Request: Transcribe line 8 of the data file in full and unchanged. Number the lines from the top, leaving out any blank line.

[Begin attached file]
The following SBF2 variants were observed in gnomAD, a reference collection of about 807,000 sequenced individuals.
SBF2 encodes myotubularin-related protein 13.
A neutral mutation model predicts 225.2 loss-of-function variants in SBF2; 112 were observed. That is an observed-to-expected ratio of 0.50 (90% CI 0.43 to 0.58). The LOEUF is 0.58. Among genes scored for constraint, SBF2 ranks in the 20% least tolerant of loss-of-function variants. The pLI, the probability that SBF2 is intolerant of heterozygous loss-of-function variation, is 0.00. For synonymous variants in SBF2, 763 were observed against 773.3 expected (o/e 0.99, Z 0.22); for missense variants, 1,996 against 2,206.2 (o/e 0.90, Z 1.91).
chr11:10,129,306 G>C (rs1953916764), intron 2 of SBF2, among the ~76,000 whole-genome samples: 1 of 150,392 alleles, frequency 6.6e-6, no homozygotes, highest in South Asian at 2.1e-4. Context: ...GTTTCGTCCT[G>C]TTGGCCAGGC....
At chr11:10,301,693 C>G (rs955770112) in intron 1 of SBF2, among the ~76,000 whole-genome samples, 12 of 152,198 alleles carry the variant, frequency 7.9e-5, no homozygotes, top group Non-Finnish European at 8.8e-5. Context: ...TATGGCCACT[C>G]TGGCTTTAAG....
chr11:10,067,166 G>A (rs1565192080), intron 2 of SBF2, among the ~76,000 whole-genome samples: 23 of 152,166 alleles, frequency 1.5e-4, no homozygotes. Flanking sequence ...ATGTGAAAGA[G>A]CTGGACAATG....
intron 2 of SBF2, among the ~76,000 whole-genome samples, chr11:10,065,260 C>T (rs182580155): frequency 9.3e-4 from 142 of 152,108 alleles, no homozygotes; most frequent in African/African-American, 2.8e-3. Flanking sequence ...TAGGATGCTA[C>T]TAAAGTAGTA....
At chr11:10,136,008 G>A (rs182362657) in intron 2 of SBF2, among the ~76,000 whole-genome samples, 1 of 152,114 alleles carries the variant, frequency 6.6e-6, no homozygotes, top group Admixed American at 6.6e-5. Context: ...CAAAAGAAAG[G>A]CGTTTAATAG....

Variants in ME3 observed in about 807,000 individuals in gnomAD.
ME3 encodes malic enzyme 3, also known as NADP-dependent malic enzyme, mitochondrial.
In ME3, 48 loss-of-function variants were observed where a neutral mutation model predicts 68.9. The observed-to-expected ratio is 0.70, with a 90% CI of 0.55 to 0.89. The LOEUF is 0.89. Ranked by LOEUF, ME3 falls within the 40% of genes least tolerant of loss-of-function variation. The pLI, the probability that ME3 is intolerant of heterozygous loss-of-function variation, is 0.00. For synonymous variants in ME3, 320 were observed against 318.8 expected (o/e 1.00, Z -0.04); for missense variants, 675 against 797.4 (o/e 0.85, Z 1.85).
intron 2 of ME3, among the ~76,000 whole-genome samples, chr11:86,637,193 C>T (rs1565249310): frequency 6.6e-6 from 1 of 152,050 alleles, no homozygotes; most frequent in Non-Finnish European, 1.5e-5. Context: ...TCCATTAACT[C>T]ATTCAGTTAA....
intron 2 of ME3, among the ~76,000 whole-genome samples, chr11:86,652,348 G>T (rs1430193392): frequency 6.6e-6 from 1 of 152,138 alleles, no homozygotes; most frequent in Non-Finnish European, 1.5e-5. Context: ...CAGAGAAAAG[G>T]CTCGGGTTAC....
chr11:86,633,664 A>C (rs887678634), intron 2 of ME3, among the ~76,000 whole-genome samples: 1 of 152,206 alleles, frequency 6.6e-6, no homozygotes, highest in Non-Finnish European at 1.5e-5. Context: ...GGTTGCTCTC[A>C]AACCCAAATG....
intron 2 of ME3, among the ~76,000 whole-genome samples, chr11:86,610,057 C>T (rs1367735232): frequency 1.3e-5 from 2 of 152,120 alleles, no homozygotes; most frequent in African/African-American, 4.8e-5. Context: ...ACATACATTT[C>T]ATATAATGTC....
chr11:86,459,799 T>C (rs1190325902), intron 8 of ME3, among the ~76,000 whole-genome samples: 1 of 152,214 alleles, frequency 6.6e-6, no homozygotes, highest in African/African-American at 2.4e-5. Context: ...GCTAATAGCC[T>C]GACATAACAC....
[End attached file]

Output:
At chr11:10,136,008 G>A (rs182362657) in intron 2 of SBF2, among the ~76,000 whole-genome samples, 1 of 152,114 alleles carries the variant, frequency 6.6e-6, no homozygotes, top group Admixed American at 6.6e-5. Context: ...CAAAAGAAAG[G>A]CGTTTAATAG....